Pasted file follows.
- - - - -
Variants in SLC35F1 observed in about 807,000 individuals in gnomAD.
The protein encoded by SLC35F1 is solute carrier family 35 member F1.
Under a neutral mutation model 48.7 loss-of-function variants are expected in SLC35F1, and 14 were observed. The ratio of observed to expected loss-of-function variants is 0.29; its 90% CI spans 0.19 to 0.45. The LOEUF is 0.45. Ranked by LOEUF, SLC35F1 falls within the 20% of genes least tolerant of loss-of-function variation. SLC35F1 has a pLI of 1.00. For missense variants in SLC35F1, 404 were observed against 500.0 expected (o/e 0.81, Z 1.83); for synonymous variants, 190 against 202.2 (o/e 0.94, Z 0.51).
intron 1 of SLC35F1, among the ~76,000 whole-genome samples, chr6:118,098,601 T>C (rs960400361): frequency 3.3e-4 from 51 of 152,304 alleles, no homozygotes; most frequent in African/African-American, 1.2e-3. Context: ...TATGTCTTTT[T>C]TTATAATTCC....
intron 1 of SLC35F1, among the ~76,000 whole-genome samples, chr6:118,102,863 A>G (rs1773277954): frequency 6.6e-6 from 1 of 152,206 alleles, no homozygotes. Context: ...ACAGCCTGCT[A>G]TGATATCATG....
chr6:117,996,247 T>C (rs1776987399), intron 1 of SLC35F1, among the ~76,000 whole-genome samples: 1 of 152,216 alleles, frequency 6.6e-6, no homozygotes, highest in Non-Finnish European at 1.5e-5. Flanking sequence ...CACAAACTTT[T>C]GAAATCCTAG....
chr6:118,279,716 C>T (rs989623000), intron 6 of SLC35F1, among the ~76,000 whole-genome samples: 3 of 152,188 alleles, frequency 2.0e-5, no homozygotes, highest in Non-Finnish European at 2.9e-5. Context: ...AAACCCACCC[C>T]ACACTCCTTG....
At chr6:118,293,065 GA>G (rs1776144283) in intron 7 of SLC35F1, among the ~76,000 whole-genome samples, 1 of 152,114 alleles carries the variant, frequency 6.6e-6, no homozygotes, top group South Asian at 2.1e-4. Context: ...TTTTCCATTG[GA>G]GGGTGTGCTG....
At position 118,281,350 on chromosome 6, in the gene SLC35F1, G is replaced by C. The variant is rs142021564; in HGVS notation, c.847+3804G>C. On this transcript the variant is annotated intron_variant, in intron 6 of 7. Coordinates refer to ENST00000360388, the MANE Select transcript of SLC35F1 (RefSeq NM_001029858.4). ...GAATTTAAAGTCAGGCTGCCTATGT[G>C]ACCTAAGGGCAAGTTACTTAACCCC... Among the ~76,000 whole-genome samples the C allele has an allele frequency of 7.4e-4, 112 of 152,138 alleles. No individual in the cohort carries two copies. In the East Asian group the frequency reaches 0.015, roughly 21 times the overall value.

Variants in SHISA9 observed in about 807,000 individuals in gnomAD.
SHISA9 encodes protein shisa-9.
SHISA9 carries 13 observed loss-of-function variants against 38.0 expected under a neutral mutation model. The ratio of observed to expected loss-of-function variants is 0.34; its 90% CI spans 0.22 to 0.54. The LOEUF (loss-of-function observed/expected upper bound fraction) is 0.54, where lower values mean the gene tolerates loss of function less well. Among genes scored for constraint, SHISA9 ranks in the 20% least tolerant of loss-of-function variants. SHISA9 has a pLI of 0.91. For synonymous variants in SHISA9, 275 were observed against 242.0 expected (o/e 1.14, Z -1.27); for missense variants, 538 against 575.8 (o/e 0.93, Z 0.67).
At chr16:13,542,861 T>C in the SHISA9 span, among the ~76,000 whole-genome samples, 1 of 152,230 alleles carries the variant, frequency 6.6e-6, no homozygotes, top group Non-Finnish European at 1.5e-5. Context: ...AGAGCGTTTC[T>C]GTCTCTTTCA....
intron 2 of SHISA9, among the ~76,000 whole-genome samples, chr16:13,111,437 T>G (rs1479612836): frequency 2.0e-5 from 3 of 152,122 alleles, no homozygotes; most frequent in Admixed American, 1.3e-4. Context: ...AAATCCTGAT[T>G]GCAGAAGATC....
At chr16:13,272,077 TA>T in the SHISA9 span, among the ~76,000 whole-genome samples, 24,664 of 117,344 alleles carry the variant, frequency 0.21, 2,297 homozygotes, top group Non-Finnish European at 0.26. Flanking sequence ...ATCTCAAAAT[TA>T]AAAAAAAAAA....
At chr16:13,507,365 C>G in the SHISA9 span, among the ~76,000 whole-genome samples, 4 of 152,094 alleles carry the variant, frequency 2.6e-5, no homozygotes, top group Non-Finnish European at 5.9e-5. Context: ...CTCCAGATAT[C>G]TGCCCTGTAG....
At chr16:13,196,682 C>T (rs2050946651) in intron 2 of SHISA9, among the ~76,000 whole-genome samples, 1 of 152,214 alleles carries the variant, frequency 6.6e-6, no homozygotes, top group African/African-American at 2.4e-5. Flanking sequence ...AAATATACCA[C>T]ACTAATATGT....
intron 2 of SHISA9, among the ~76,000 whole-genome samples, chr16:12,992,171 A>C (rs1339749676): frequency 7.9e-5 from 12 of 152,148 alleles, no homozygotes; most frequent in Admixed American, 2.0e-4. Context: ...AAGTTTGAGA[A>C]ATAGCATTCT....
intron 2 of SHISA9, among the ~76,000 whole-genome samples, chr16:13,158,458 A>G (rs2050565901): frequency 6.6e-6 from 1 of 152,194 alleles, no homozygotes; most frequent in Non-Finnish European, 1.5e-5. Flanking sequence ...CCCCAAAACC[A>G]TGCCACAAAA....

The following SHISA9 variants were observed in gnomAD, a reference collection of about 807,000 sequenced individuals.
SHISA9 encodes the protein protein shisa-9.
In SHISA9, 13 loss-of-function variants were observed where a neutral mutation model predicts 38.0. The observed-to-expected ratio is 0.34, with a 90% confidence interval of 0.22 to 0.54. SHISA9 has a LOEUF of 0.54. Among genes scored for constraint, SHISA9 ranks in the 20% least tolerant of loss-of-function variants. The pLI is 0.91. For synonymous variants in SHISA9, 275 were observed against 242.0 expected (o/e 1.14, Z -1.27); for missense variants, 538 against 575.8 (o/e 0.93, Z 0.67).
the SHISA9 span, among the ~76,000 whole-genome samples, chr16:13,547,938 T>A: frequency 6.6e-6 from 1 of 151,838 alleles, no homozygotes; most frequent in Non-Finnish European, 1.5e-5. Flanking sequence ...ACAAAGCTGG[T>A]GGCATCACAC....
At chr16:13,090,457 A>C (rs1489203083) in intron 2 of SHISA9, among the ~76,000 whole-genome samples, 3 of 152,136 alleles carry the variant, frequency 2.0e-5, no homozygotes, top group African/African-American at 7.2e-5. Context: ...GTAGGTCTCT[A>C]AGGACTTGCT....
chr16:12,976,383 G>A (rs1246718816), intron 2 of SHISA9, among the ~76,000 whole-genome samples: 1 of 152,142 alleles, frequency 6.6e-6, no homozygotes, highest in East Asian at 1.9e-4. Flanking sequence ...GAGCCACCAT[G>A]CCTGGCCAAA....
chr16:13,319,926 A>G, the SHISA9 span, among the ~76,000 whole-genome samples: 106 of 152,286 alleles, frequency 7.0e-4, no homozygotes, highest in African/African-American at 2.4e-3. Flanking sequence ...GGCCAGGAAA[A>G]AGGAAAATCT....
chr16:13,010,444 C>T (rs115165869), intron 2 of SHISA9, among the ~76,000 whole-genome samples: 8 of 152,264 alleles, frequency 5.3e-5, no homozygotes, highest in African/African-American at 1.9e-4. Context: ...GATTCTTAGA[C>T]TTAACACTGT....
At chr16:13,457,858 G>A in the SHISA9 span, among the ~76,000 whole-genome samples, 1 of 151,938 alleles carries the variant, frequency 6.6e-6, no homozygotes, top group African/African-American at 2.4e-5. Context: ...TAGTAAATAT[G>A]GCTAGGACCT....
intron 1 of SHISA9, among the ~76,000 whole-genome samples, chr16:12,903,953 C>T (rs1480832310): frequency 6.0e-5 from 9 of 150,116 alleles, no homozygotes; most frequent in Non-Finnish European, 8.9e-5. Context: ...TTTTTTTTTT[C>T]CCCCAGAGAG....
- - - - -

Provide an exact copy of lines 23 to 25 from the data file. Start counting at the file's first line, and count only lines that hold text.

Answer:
the SHISA9 span, among the ~76,000 whole-genome samples, chr16:13,547,938 T>A: frequency 6.6e-6 from 1 of 151,838 alleles, no homozygotes; most frequent in Non-Finnish European, 1.5e-5. Flanking sequence ...ACAAAGCTGG[T>A]GGCATCACAC....
At chr16:13,090,457 A>C (rs1489203083) in intron 2 of SHISA9, among the ~76,000 whole-genome samples, 3 of 152,136 alleles carry the variant, frequency 2.0e-5, no homozygotes, top group African/African-American at 7.2e-5. Context: ...GTAGGTCTCT[A>C]AGGACTTGCT....
chr16:12,976,383 G>A (rs1246718816), intron 2 of SHISA9, among the ~76,000 whole-genome samples: 1 of 152,142 alleles, frequency 6.6e-6, no homozygotes, highest in East Asian at 1.9e-4. Flanking sequence ...GAGCCACCAT[G>A]CCTGGCCAAA....